Synthesis of a biochar based adsorbent from dichrostachys cinerea pods for the removal of selected Organic pollutants from chemical refinery effluent water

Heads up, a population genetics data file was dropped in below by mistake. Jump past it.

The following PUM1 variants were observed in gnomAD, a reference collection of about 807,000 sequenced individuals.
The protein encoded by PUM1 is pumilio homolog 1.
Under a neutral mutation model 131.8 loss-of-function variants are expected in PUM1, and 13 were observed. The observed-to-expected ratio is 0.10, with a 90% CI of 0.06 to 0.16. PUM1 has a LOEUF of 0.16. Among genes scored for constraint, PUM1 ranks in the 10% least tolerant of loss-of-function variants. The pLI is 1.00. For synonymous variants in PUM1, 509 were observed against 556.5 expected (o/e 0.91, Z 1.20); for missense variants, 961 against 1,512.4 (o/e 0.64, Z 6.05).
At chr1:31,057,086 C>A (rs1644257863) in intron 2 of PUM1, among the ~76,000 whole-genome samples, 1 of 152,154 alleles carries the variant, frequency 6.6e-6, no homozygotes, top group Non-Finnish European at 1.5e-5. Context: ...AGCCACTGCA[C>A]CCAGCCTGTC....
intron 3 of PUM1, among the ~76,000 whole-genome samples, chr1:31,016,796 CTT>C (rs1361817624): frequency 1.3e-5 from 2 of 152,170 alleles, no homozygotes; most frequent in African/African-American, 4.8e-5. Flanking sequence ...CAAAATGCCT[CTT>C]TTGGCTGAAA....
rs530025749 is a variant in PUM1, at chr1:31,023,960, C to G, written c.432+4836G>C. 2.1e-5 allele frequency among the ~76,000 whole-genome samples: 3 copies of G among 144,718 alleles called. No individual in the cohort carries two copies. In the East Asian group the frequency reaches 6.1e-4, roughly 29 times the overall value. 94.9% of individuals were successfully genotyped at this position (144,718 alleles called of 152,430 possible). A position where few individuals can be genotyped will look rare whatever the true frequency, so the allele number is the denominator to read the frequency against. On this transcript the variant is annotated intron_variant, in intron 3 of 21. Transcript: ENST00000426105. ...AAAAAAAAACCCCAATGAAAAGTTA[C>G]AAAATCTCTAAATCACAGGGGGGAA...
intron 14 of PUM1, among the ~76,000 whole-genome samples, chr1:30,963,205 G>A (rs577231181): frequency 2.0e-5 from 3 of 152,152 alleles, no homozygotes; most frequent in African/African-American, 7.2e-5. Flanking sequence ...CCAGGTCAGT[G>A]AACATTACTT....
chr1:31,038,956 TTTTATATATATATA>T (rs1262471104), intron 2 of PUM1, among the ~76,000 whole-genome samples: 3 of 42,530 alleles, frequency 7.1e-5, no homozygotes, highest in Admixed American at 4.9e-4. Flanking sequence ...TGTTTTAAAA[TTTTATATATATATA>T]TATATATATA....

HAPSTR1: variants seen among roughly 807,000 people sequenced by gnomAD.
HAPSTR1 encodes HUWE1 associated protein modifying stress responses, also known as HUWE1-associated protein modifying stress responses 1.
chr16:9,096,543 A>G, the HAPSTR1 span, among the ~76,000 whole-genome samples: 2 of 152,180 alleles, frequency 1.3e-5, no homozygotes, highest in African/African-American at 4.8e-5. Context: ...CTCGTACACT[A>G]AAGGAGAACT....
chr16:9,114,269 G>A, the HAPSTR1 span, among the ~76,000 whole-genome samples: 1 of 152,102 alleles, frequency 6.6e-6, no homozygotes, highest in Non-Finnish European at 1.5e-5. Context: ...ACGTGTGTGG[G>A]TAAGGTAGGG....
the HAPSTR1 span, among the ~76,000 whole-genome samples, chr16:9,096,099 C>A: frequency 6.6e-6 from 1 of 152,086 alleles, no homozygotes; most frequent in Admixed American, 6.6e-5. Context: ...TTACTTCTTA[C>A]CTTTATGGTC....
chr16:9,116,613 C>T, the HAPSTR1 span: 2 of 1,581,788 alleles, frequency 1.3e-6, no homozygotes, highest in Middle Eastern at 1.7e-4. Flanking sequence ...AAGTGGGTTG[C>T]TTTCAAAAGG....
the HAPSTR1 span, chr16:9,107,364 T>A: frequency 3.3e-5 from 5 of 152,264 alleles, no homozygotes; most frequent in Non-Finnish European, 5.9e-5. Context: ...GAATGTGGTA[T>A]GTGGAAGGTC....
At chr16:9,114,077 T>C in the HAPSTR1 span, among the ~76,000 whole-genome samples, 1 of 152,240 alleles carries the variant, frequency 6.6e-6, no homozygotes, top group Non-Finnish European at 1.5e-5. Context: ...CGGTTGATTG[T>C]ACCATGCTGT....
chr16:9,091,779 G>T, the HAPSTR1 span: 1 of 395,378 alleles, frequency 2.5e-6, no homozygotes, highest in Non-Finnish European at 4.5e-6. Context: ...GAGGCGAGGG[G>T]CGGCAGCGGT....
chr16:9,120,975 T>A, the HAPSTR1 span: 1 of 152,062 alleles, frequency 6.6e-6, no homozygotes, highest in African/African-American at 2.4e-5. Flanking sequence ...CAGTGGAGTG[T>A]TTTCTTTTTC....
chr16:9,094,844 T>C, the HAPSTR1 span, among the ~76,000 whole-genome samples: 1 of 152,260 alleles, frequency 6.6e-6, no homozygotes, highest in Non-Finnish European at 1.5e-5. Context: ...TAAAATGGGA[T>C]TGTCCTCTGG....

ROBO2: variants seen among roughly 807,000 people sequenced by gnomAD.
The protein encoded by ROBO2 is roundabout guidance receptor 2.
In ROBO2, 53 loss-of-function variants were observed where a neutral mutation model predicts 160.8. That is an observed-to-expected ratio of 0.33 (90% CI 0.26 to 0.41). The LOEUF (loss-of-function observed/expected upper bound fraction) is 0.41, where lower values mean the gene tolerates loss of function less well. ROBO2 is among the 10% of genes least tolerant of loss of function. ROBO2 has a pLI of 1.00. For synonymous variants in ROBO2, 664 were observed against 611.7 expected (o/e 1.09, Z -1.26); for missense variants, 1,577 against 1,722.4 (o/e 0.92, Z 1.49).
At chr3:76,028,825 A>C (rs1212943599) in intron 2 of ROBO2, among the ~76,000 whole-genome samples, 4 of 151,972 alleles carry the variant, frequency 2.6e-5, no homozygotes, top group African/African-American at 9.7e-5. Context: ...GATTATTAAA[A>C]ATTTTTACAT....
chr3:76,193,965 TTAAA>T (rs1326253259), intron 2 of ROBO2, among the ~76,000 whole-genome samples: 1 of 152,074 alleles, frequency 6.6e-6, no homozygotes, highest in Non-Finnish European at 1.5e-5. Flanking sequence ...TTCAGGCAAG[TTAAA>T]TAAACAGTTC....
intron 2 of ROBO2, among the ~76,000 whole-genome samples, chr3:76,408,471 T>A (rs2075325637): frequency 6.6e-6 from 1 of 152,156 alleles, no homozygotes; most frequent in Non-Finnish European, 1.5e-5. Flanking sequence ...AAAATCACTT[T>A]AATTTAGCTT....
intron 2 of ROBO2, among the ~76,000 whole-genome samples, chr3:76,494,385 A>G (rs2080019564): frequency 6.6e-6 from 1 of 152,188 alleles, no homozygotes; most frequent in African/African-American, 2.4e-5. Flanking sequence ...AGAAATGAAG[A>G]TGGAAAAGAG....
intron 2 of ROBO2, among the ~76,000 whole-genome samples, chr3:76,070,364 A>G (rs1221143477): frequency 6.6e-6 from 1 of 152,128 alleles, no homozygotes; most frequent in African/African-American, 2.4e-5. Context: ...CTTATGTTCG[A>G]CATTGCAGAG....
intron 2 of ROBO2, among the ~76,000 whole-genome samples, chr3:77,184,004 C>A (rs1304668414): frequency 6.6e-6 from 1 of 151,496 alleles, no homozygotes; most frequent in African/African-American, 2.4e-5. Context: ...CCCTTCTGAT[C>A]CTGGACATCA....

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The process of chemical refining of coke oven by products (crude tar and crude benzole) generates a lot of process waste water since water is immensely used at most of the refining stages. The waste water generated is highly contaminated with organic pollutants such as benzene, toluene, xylene, indene, thiophene, naphthalene, ethyl benzene and others. These contaminants if not monitored, controlled or eliminated from the process waste water end up in both terrestrial and aquatic environments as well as the atmosphere endangering the health of both flora and fauna as these substances are known carcinogens. Several methods have been recommended for the removal of organic contaminants from process waste water including adsorption techniques using adsorbents synthesized from agricultural or forestry plant derived materials. Different adsorbents were synthesized by chemically activating bio char samples at different activating temperatures using potassium hydroxide as the chemical activating reagent. Samples of dry Dichrostachys cinerea pods were collected from trees and underneath trees from the forests around Redcliff town in the midlands town of Kwekwe for use as biomass. The Biomass was tested for its chemical profile including moisture content before charring it at different temperatures of 400 oC, 500 oC and 600 oC for optimum bio char yield. Bio char prepared at 500 oC was chemically activated with potassium hydroxide at three different activation temperatures of 400 oC, 600 oC and 700 oC. The synthesized adsorbents were characterized by FT-IR and Scanning electron microscopy (SEM) before their sorption efficacies on indene; thiophene and ethyl benzene was evaluated. Varying the chemical activating temperature resulted in different functional groups on the three synthesized adsorbents. Adsorption studies (adsorption efficacy, adsorption isotherms, batch and column) were carried and all the synthesized adsorbents showed adsorption efficacies ranging from 70 % to 85 % to adsorb all the pollutants. Qualitative and quantitative information on the above stated adsorption studies was obtained through both spectroscopic (UV-VIS) and chromatographic (GC-FID) methods of analysis. All the adsorption experiments fitted the Freundlich model better compared to the Langmuir model. It was statistically proven that there was no significant effect of changing the chemical activating temperature on the adsorption of indene and thiophene while changing of this parameter caused significant differences on the adsorption of ethyl benzene.